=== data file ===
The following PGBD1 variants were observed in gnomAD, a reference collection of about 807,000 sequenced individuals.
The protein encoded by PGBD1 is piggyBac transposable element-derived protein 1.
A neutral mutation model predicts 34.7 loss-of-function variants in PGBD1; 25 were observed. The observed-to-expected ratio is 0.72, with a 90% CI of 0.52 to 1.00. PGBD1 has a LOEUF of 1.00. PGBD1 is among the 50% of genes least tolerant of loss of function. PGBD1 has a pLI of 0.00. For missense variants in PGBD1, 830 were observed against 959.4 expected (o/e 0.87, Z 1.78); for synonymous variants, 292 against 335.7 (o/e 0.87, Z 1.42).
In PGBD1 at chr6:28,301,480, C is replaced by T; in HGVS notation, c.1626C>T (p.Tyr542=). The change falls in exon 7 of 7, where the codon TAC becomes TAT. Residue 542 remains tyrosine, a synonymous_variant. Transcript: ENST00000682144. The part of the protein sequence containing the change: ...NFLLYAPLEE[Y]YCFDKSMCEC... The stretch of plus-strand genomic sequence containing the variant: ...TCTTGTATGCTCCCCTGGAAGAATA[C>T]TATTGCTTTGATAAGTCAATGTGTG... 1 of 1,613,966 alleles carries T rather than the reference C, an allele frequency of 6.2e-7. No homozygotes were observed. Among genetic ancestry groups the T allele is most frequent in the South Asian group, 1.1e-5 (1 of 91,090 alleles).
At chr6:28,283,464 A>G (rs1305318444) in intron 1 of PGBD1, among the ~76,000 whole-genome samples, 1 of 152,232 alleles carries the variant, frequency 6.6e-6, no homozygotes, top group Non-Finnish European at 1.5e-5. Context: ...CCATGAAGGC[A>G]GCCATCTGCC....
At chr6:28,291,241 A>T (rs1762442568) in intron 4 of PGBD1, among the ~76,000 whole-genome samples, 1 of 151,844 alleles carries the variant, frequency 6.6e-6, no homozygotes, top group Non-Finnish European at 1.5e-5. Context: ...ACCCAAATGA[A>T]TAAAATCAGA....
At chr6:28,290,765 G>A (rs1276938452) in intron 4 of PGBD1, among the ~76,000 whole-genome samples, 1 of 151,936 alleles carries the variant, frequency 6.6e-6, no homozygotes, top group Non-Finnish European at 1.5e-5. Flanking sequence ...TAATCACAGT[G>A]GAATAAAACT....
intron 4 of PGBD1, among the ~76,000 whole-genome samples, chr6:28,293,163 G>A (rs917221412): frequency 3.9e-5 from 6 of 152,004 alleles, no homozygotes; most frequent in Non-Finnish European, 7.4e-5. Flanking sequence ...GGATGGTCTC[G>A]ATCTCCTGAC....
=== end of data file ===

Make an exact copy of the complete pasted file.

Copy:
The following PGBD1 variants were observed in gnomAD, a reference collection of about 807,000 sequenced individuals.
The protein encoded by PGBD1 is piggyBac transposable element-derived protein 1.
A neutral mutation model predicts 34.7 loss-of-function variants in PGBD1; 25 were observed. The observed-to-expected ratio is 0.72, with a 90% CI of 0.52 to 1.00. PGBD1 has a LOEUF of 1.00. PGBD1 is among the 50% of genes least tolerant of loss of function. PGBD1 has a pLI of 0.00. For missense variants in PGBD1, 830 were observed against 959.4 expected (o/e 0.87, Z 1.78); for synonymous variants, 292 against 335.7 (o/e 0.87, Z 1.42).
In PGBD1 at chr6:28,301,480, C is replaced by T; in HGVS notation, c.1626C>T (p.Tyr542=). The change falls in exon 7 of 7, where the codon TAC becomes TAT. Residue 542 remains tyrosine, a synonymous_variant. Transcript: ENST00000682144. The part of the protein sequence containing the change: ...NFLLYAPLEE[Y]YCFDKSMCEC... The stretch of plus-strand genomic sequence containing the variant: ...TCTTGTATGCTCCCCTGGAAGAATA[C>T]TATTGCTTTGATAAGTCAATGTGTG... 1 of 1,613,966 alleles carries T rather than the reference C, an allele frequency of 6.2e-7. No homozygotes were observed. Among genetic ancestry groups the T allele is most frequent in the South Asian group, 1.1e-5 (1 of 91,090 alleles).
At chr6:28,283,464 A>G (rs1305318444) in intron 1 of PGBD1, among the ~76,000 whole-genome samples, 1 of 152,232 alleles carries the variant, frequency 6.6e-6, no homozygotes, top group Non-Finnish European at 1.5e-5. Context: ...CCATGAAGGC[A>G]GCCATCTGCC....
At chr6:28,291,241 A>T (rs1762442568) in intron 4 of PGBD1, among the ~76,000 whole-genome samples, 1 of 151,844 alleles carries the variant, frequency 6.6e-6, no homozygotes, top group Non-Finnish European at 1.5e-5. Context: ...ACCCAAATGA[A>T]TAAAATCAGA....
At chr6:28,290,765 G>A (rs1276938452) in intron 4 of PGBD1, among the ~76,000 whole-genome samples, 1 of 151,936 alleles carries the variant, frequency 6.6e-6, no homozygotes, top group Non-Finnish European at 1.5e-5. Flanking sequence ...TAATCACAGT[G>A]GAATAAAACT....
intron 4 of PGBD1, among the ~76,000 whole-genome samples, chr6:28,293,163 G>A (rs917221412): frequency 3.9e-5 from 6 of 152,004 alleles, no homozygotes; most frequent in Non-Finnish European, 7.4e-5. Flanking sequence ...GGATGGTCTC[G>A]ATCTCCTGAC....